6. Lots of fresh fruits and vegetables will help with the traditional Carb Overload. Get them at your local market. Check out Scott's Country Market.
7. Don’t worry when things do not go as planned. By next year, no one will remember the maladies!
Defrosting a Frozen Turkey
Deboning a Turkey
1. There is no need to wash the bird. It could spread bacteria, and will make it harder to deal with. Pull out any pin feathers. Remove the giblets and save for the stuffing if desired.
2. Remove the wings. Put the bird breast up, extend the wing and look for the joint that connects the breast and the wing (arm pit). Slice through it with the knife. Save the wings for stock, or if desired, roasting.
3. Remove the breasts. Position the turkey so you can easily work. Find the breast bone cartilage that runs down the center. Using your knife, slice down the center of the breast on the cartilage. Using big, long strokes, make long slices on top of the bone. Keep your knife blade on top of the bone. Go until there is no more meat attached to the bone, then cut through the skin. Set aside.
4. Repeat on the second side. Take care to try not to damage the skin on the breast.
5. Here's what your two boneless skin on breasts will look like. Put these into large gallon size bags for brining and back into the refrigerator for safety.
6. Flip the bird over and try to locate the oysters. These are two nuggets of meat located just above the hip of the bird. They might protrude a bit.
7. With the tip of your knife, loosen the meat but do not cut off. Now, take your knife from that incision and run it along the back of the bird to cut off the meat. When the leg joint is exposed, cut through the joint, removing the leg from the bird.
8. Here's what your two bone in legs will look like. Set them aside, wipe down your work station and knife. Place all bones in a big pot to make stock with, and refrigerate until ready.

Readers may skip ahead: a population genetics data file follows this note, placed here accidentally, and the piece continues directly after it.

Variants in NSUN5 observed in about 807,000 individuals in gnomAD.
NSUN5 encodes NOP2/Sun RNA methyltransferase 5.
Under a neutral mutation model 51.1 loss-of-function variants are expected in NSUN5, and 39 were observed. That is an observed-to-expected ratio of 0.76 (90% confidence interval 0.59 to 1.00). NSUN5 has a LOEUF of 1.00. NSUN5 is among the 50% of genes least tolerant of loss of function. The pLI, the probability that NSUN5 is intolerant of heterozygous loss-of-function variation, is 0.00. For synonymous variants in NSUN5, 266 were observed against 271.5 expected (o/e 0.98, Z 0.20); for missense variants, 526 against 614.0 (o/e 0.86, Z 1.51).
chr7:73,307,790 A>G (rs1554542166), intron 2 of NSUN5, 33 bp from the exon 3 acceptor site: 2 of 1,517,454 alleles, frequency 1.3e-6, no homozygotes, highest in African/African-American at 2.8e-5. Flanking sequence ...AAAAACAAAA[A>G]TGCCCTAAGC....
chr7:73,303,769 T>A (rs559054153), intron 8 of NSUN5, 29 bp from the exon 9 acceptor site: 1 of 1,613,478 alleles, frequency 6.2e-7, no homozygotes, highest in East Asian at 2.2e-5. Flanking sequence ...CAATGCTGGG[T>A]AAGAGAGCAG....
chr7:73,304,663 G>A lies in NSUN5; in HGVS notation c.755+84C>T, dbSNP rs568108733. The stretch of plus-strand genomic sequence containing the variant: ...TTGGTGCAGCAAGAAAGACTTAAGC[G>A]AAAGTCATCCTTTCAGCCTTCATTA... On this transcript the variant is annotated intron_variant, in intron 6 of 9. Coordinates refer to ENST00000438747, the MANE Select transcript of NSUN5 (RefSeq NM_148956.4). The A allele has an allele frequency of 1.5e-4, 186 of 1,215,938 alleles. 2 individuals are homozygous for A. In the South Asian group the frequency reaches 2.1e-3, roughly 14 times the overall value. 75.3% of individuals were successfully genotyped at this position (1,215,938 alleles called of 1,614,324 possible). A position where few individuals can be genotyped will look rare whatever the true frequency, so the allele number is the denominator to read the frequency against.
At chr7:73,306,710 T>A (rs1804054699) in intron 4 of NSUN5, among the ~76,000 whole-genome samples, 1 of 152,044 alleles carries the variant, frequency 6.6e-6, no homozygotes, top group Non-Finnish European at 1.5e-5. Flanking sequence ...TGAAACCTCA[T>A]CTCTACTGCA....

9. Next we need to remove the leg bones to create what is called a ballotine. Find the joint bone of the leg. Work the meat off of it so you can pinch it.
10. Grasp the bone firmly and use the blade of the knife to push down the meat. You are essentially going to turn it inside out.
11. Continue doing this until you get to the joint. Carefully scrape around the joint. When you get to the end, pull the bone out of the meat. Add the bone to the stock pot.
Repeat with the second leg.
When you are finished, this is what it should look like. But don't worry we're going to make it better.
12. Remove the tough tendons by grasping them with one hand and pulling them so there is pressure on them, and using the knife blade to scrape the meat off them, essentially, pulling them out. Discard the tendons.
Congratulations of successfully deboning a turkey. It's not that hard, just takes some time and patience!!!
Now, make sure you very diligently clean up your work station, knives, and disinfect anything that may have come into contact with the raw turkey!
13. Feel around the meat for any cartilage or other hard pieces. Trim these out with your knife.
Turn the boneless leg right side out- like a sock.
You will now have a ballotine!
Brining a Turkey
Brine can be made in advance.
The brine must be 70°F or colder before pouring over turkey
Add and adjust seasonings as you desire
The entire bird must be covered by the brine.